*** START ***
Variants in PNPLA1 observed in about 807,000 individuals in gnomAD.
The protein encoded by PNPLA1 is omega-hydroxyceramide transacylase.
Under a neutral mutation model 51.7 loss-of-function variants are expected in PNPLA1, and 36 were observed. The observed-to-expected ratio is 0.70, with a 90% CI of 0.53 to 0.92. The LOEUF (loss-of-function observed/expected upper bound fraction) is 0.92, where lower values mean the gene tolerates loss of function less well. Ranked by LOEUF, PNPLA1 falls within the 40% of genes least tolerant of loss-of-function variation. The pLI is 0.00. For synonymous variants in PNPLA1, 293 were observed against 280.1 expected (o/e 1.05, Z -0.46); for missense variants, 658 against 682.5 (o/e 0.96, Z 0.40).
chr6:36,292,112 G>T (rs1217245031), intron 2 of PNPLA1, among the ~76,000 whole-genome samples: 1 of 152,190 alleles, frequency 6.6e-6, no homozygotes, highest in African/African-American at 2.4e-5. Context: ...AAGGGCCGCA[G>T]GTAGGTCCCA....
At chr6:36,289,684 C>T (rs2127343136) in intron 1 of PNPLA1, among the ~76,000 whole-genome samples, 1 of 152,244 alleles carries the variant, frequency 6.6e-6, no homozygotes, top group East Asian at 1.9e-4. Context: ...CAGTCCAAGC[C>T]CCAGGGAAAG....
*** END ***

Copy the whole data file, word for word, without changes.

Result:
Variants in PNPLA1 observed in about 807,000 individuals in gnomAD.
The protein encoded by PNPLA1 is omega-hydroxyceramide transacylase.
Under a neutral mutation model 51.7 loss-of-function variants are expected in PNPLA1, and 36 were observed. The observed-to-expected ratio is 0.70, with a 90% CI of 0.53 to 0.92. The LOEUF (loss-of-function observed/expected upper bound fraction) is 0.92, where lower values mean the gene tolerates loss of function less well. Ranked by LOEUF, PNPLA1 falls within the 40% of genes least tolerant of loss-of-function variation. The pLI is 0.00. For synonymous variants in PNPLA1, 293 were observed against 280.1 expected (o/e 1.05, Z -0.46); for missense variants, 658 against 682.5 (o/e 0.96, Z 0.40).
chr6:36,292,112 G>T (rs1217245031), intron 2 of PNPLA1, among the ~76,000 whole-genome samples: 1 of 152,190 alleles, frequency 6.6e-6, no homozygotes, highest in African/African-American at 2.4e-5. Context: ...AAGGGCCGCA[G>T]GTAGGTCCCA....
At chr6:36,289,684 C>T (rs2127343136) in intron 1 of PNPLA1, among the ~76,000 whole-genome samples, 1 of 152,244 alleles carries the variant, frequency 6.6e-6, no homozygotes, top group East Asian at 1.9e-4. Context: ...CAGTCCAAGC[C>T]CCAGGGAAAG....